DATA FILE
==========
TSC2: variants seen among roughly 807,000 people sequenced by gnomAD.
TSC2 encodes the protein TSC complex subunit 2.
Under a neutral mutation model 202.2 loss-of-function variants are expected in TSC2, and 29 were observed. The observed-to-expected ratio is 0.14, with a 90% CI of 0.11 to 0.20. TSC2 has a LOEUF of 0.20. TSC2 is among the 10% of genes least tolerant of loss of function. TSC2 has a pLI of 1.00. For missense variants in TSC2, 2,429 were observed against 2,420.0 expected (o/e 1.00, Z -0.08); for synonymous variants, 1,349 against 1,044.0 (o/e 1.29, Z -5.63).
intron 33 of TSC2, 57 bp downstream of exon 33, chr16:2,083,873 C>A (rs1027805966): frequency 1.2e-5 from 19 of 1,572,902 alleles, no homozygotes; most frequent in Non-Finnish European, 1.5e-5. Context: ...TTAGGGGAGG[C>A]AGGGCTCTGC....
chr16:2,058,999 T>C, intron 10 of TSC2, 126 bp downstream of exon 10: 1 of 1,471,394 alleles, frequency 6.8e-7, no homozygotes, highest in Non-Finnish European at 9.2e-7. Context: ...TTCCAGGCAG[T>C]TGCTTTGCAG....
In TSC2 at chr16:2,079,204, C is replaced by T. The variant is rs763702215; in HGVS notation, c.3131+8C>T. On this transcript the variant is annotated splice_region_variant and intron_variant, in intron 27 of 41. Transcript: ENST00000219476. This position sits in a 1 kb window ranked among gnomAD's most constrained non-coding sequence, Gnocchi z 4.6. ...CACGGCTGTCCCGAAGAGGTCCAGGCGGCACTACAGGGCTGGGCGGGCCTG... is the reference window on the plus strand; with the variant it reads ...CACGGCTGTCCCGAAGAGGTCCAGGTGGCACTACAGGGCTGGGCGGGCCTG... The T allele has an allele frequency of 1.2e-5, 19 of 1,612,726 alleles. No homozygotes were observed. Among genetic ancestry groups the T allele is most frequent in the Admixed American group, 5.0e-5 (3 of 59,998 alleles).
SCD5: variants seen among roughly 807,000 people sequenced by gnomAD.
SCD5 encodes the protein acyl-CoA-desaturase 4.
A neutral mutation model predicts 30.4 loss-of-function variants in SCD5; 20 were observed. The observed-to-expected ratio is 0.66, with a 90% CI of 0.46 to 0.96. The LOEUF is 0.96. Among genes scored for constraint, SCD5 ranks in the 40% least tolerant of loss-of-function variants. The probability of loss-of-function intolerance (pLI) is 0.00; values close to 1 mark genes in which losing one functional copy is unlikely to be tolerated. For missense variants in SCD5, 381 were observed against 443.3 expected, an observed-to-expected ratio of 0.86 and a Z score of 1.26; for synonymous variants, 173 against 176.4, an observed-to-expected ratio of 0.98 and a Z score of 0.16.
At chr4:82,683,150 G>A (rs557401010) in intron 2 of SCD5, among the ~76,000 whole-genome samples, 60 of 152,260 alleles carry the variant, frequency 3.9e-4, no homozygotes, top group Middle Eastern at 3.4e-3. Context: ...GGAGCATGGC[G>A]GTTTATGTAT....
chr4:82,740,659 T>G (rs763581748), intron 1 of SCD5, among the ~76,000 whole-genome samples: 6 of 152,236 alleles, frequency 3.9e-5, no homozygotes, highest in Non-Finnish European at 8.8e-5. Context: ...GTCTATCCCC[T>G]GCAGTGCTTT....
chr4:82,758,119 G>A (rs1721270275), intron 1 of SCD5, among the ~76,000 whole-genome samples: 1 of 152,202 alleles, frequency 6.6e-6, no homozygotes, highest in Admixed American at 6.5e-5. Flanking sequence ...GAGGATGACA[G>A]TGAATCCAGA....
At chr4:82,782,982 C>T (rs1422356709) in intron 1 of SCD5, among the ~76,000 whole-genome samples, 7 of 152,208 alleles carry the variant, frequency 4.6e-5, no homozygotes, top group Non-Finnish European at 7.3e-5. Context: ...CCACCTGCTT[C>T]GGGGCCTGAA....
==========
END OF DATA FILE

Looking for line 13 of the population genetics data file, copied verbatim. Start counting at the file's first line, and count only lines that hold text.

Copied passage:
At chr4:82,782,982 C>T (rs1422356709) in intron 1 of SCD5, among the ~76,000 whole-genome samples, 7 of 152,208 alleles carry the variant, frequency 4.6e-5, no homozygotes, top group Non-Finnish European at 7.3e-5. Context: ...CCACCTGCTT[C>T]GGGGCCTGAA....